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Outsourcing on our terms

02 July 2009

Dr Jonathan Vickers, technical manager at Stemner Imaging, explains how vision can help maintain high standards of quality control and reassurance for manufacturers outsourcing production.

The outsourcing of significant parts of production is commonplace throughout manufacturing industry. Whether it is labour-intensive production progressively moving to areas with lower labour costs, or simply sub-contracting production to specialist companies, the problem has always been that quality standards are something of an unknown. In outsourcing production, control of quality is also passed to someone else. This has led to an interesting separation of production and quality testing as goods are tested on their delivery to the nominal manufacturer rather than at the actual point of production.

Quality
The traditional model of production involves a production line with quality checks at critical points, often using vision for gauging or completeness checks. In some processes this simply means a final, end-of-line inspection to ensure that a product is complete or within specifications. De-coupling the production and inspection is possible where the cost of wastage is negligible or a reasonable level of inspection can be carried out on the final product.

A modern vision system is usually far quicker than production processes, allowing for high-speed or 24-hour inspection systems for goods made elsewhere. This can be seen in two particular types of industry: automotive and aerospace (where quality is all-important and component suppliers often make significant parts of the final product, such as car seats and aircraft wings) and also manufacturing processes that can be easily outsourced to areas such as China with lower labour costs.

Outsourcing quality
Quality testing goods from suppliers allows the nominal manufacturer, for example the car company, to be confident in the quality of the components that it fits to its products and also allows them to grade a secondary supplier’s ability to meet quality targets. This can work either as a carrot or a stick, often inducing suppliers to carry out 100 per cent inspection to ensure compliance. The cost of a vision system quickly pays for itself when compared to lost business or a returned batch due to a few defective examples. With just-in-time production methods, the importance of high quality components is even more critical. In these cases, quality assurance trickles down the supply chain.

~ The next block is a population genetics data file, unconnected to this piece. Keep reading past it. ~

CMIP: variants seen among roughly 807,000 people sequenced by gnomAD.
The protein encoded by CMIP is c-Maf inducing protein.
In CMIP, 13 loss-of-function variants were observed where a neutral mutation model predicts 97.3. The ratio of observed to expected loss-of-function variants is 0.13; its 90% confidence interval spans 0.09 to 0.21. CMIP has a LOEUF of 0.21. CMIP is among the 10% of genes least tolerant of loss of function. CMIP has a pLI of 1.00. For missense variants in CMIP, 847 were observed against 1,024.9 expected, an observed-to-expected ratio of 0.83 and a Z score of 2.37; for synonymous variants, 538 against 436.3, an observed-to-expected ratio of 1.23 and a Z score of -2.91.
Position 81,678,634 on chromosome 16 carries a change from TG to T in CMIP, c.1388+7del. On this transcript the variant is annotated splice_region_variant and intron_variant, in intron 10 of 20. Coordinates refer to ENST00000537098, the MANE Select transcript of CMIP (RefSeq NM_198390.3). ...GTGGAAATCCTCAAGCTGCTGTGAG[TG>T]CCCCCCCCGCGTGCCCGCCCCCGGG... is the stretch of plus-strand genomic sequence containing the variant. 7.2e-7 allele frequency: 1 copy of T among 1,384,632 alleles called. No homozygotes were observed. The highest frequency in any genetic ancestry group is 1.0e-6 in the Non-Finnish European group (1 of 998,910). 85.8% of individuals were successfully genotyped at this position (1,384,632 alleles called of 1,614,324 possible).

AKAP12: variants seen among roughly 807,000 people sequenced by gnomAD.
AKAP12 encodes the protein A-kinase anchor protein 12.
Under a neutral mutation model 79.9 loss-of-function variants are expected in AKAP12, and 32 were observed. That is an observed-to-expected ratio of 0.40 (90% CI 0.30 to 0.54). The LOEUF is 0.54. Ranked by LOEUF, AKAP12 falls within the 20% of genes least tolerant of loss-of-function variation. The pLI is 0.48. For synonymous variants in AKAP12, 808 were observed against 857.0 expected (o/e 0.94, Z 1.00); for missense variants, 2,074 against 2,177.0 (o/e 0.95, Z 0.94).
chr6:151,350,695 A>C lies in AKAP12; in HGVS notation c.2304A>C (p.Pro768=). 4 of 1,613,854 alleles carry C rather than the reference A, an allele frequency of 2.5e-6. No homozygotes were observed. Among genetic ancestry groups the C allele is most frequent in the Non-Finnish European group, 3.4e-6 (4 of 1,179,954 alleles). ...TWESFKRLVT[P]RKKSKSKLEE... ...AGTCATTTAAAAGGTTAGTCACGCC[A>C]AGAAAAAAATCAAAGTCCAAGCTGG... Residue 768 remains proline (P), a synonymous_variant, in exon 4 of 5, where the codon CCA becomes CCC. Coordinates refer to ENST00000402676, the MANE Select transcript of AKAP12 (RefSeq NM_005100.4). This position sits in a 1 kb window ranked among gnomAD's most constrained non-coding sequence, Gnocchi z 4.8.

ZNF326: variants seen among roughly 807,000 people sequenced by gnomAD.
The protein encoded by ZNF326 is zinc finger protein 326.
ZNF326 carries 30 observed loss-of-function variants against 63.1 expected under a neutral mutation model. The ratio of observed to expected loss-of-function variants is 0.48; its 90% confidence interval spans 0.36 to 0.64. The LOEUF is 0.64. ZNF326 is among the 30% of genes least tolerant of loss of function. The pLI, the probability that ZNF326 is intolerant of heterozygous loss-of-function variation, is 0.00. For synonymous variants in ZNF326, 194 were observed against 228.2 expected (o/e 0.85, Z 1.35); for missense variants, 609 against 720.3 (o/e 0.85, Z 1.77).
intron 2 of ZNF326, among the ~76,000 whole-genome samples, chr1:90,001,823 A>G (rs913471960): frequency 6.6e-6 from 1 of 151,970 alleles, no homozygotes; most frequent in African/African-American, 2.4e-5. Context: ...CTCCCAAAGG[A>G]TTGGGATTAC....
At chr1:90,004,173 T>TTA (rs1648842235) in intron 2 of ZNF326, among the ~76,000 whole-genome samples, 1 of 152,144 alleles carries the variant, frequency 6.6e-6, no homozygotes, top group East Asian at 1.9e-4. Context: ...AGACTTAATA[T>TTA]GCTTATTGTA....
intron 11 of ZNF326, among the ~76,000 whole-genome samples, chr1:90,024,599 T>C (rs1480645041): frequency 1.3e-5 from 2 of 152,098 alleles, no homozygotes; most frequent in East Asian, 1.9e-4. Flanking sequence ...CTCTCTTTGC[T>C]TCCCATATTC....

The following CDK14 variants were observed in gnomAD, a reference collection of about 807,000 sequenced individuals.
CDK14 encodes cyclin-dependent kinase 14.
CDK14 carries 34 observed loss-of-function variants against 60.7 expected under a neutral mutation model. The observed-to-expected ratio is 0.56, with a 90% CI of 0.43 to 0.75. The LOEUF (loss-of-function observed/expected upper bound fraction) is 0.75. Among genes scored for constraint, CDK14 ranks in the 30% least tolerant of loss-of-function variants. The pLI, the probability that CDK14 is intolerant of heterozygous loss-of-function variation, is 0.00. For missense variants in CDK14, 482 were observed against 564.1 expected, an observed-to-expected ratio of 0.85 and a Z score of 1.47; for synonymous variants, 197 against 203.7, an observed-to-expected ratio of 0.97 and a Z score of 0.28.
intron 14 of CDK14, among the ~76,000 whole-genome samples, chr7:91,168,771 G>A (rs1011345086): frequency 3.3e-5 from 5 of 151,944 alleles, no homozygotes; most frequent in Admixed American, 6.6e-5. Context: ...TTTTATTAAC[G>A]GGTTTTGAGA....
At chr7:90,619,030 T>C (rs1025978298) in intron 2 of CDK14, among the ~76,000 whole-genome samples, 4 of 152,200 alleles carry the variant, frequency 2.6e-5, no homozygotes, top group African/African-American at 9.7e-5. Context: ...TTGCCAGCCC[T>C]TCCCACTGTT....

Keeping Quality in-house
In other cases the intention is simply to obtain cheap production and reject all of the products that do not conform. This requires that it is sensible to simply discard defective manufactured parts, for example where the cost of raw materials is low, but the cost of tooling might be high. In this case the inspection process is a case of sorting the wheat from the chaff. An example of this is in the plastic moulding industry, where sometimes this technique can prove effective.

The effect on UK firms?
In maintaining quality control in the UK (as well as potentially at overseas suppliers), UK firms are able to either take advantage of potentially lower-quality suppliers or bring their existing suppliers to a higher quality level. Either way this helps UK firms that choose to outsource to maintain high quality in difficult economic times.


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